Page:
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Democrat Nancy Pelosi is adamant about becoming House speaker, but faces opposition aplenty

House Minority Leader Rep. Nancy Pelosi (D-Calif.) speaks during a weekly news conference on Thursday on Capitol Hill in Washington, D.C. Pelosi discussed various topics including her run for speaker of House of Representatives. (Photo by Alex Wong/Getty Images)

Nancy Pelosi (D-Calif.) has announced her plan to take over as House speaker, even though a significant number of House Democrats have said they will not support her.

“I intend to win the speakership with Democratic votes. ... I have overwhelming support in my caucus to be speaker of the House,” the San Francisco liberal said Thursday at a news conference. “I happen to think that at this point, I’m the best person for that.”

Following their successes in the Nov. 6 election, Democrats will control the House of Representatives in the next Congress, while Republicans will still hold the gavel in the Senate.

Pelosi, 78, previously served as speaker from 2007 to 2011. She has been in the House since 1987.

Will anyone challenge her?

Although it's not official, there is speculation that Rep. Marcia Fudge, a liberal Democrat from northeastern Ohio and the former head of the Congressional Black Caucus, could challenge Pelosi, the HuffPost reported Thursday. Fudge, 66, supported Ohio Rep. Tim Ryan’s failed attempt to unseat Pelosi as Democratic leader in 2016.

Fudge told the news outlet she is “overwhelmed" with the number of people reaching out to her to support her in a potential bid to become the House speaker.

“I don’t hate Nancy,” Fudge told HuffPost. “I think Nancy has been a very good leader. I just think it’s time for a new one.”

Other Democrats have echoed the concern that younger Democrats should begin assuming leadership roles.

“I don’t have a pitch because at this point I’ve not decided I’m going to run,” Fudge told the news outlet. “But I would say this: My concern about the caucus is the same concern I have about the country. Just as there is this undertone of racism in the country, there’s also that in our caucus.”

What about Pelosi?

Pelosi has drawn the ire of some Republicans and many voters. Earlier this month, a Gallup poll showed that 56 percent of Democratic voters do not want Pelosi to become speaker.

On the other hand, Pelosi’s supporters believe she can serve as an effective challenge to President Donald Trump in Washington. They also see Pelosi as a key advocate for issues such as climate change and raising the federal minimum wage.

Last week, Pelosi sent a letter to her colleagues asking for support in her bid to become the next speaker. She also said during a CNN interview that she is 100 percent confident she will win.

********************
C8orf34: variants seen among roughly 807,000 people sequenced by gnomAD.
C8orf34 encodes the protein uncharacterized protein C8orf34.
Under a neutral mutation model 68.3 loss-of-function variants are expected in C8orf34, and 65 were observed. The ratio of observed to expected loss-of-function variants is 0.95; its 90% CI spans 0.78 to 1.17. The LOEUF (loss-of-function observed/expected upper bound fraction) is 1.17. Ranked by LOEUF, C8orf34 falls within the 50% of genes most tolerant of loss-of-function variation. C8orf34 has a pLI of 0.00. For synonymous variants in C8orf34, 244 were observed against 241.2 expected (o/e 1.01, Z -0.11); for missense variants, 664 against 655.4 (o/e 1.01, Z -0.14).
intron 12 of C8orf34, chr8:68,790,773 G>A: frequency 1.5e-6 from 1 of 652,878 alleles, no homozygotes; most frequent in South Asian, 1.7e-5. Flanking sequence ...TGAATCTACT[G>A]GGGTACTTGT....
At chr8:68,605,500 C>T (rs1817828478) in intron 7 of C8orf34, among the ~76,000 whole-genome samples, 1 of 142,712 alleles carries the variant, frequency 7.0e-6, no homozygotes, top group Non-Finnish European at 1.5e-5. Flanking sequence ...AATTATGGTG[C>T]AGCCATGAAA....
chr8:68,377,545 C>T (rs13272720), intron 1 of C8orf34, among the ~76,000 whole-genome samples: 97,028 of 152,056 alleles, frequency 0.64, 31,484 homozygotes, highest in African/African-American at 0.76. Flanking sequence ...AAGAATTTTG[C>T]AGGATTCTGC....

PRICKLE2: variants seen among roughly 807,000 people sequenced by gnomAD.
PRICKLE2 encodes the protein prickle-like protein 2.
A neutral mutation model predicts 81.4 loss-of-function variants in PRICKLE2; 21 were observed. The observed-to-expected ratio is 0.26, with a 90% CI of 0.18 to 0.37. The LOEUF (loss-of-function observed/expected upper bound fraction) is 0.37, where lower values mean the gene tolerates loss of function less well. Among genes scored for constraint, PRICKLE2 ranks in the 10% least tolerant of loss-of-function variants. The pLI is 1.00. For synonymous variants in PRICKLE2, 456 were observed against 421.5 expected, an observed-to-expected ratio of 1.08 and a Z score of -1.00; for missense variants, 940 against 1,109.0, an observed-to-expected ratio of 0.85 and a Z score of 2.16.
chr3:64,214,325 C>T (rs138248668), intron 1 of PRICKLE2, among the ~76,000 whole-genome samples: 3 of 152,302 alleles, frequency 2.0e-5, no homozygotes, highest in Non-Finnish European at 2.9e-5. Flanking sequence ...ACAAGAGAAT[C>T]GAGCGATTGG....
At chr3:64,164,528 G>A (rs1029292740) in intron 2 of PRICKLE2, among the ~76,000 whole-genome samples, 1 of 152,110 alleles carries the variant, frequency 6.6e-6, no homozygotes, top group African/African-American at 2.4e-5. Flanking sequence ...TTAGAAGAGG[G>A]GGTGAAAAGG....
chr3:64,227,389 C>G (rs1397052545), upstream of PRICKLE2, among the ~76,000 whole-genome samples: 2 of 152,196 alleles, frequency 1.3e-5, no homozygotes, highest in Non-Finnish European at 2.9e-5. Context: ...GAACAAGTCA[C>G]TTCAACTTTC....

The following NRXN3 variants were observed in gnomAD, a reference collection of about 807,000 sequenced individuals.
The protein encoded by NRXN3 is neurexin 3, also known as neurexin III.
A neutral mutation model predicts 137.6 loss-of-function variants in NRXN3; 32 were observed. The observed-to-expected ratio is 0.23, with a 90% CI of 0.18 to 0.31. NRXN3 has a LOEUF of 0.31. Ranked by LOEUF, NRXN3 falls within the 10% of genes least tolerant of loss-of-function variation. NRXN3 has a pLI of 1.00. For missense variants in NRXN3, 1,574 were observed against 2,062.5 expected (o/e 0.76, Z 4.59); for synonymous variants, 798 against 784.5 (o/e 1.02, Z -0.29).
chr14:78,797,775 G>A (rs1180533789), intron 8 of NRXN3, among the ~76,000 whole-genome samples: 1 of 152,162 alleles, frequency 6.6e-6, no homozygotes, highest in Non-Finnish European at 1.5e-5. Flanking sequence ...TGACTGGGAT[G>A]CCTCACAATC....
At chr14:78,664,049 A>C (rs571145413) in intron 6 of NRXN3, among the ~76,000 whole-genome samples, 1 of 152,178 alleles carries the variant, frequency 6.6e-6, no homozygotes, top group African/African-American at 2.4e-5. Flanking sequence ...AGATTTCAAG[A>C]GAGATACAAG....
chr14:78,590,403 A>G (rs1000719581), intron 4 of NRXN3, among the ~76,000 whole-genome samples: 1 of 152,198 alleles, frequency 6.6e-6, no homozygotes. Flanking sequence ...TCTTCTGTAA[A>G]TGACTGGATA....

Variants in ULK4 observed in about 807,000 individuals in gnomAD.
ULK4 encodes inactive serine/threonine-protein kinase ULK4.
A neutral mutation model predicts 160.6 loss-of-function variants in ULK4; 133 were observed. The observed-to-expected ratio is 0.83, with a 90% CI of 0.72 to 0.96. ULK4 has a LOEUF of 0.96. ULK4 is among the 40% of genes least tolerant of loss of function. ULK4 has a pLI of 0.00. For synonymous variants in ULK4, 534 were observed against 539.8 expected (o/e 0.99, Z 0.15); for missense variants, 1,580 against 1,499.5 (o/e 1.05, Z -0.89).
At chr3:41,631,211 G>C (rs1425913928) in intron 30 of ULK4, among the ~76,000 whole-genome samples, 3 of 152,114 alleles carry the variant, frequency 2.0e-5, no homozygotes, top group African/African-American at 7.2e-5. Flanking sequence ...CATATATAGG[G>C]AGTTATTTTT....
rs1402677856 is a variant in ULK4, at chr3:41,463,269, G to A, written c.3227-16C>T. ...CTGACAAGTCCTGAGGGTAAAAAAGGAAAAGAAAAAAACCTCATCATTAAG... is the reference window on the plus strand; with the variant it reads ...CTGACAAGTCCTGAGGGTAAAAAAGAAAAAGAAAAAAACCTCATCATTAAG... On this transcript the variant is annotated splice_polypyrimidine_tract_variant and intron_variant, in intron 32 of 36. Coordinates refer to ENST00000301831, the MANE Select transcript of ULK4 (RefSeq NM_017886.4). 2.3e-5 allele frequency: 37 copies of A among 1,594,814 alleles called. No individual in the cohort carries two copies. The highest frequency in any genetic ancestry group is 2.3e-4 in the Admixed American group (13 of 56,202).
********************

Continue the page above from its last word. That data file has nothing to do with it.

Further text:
When is the vote?

The Democratic caucus will pick a candidate for speaker on Nov. 28. If selected, Pelosi would need 218 total votes when the full House votes Jan. 3.

Seventeen Democrats have reportedly signed a letter stating they would not support her during a House floor vote. Pelosi dismissed that by saying 14 of the signatories were men and reporters should ask them what their motivations were, Reuters news reported.

Multiple sources have named the Democrats who have signed the letter thus far as:

● Anthony Brindisi (N.Y.)

● Jim Cooper (Tenn.)

● Joe Cunningham (S.C.)

● Bill Foster (Ill.)

● Marcia Fudge (Ohio)

● Brian Higgins (N.Y.)

● Stephen Lynch (Mass.)

● Ben McAdams (Utah)

● Seth Moulton (Mass.)

● Ed Perlmutter (Colo.)

● Kathleen Rice (N.Y)

● Max Rose (N.Y.)

● Tim Ryan (Ohio)

● Linda Sanchez (Calif.)

● Kurt Schrader (Ore.)

● Jeff Van Drew (N.J.)

● Filemon Vela (Texas)

The group of Democrats opposing Pelosi has not officially released its letter and the number of people on it could change, CBS News reported. The letter writers reportedly want to get at least 20 members on the list before releasing it.

Other Democrats who are likely to vote against Pelosi but are hesitant to sign the letter, the Huffington Post said, include Conor Lamb (Pa.), Dan Lipinksi (Ill.), Ron Kind (Wis.), Abigail Spanberger (Va.), Jason Crow (Colo.), Haley Stevens (Mich.), Elissa Slotkin (Mich.), Mikie Sherrill (N.J.) and Andy Kim (N.J.)"

Separately,  at least 58 Democratic candidates and incumbents in August indicated they would not support Pelosi as speaker if Democrats take the House.

What other dynamics are at play?

Although the 17 "no" votes could be enough to bar Pelosi from becoming speaker, other factors are complicating the issue.

President Donald Trump last week endorsed Pelosi, a move some analysts called a strategy to keep the GOP’s favorite punching bag at the top of the Democratic caucus.

“In all fairness, Nancy Pelosi deserves to be chosen Speaker of the House by Democrats,” Trump tweeted. “If they give her a hard time, perhaps we will add some Republican votes. She has earned this great honor!”

Rep. Tom Reed (R-N.Y.) told The Hill that he and some Republicans would back Pelosi if she supports an overhaul of House rule reforms.

But Pelosi reportedly said she wants no help from Republicans.

“Oh, please,” she said. “No, never.”

“I intend to win the speakership with Democratic votes,” she told the media.

If the list of Democrats opposed to Pelosi continues to grow, would it finish her chances for becoming speaker? Maybe not, according to the Huffington Post:

Pelosi also has a number of ways she could wrangle the speaker’s gavel even if a dozen and a half members pledge to oppose her. For one, Democrats could make a new rule binding every member to vote for the Democratic nominee. Rule changes associated with that idea are already under consideration, and there’s some thought that Pelosi may try to formalize rules so that Democrats have to vote for her, though many members question how this strategy would work.
One last thing…
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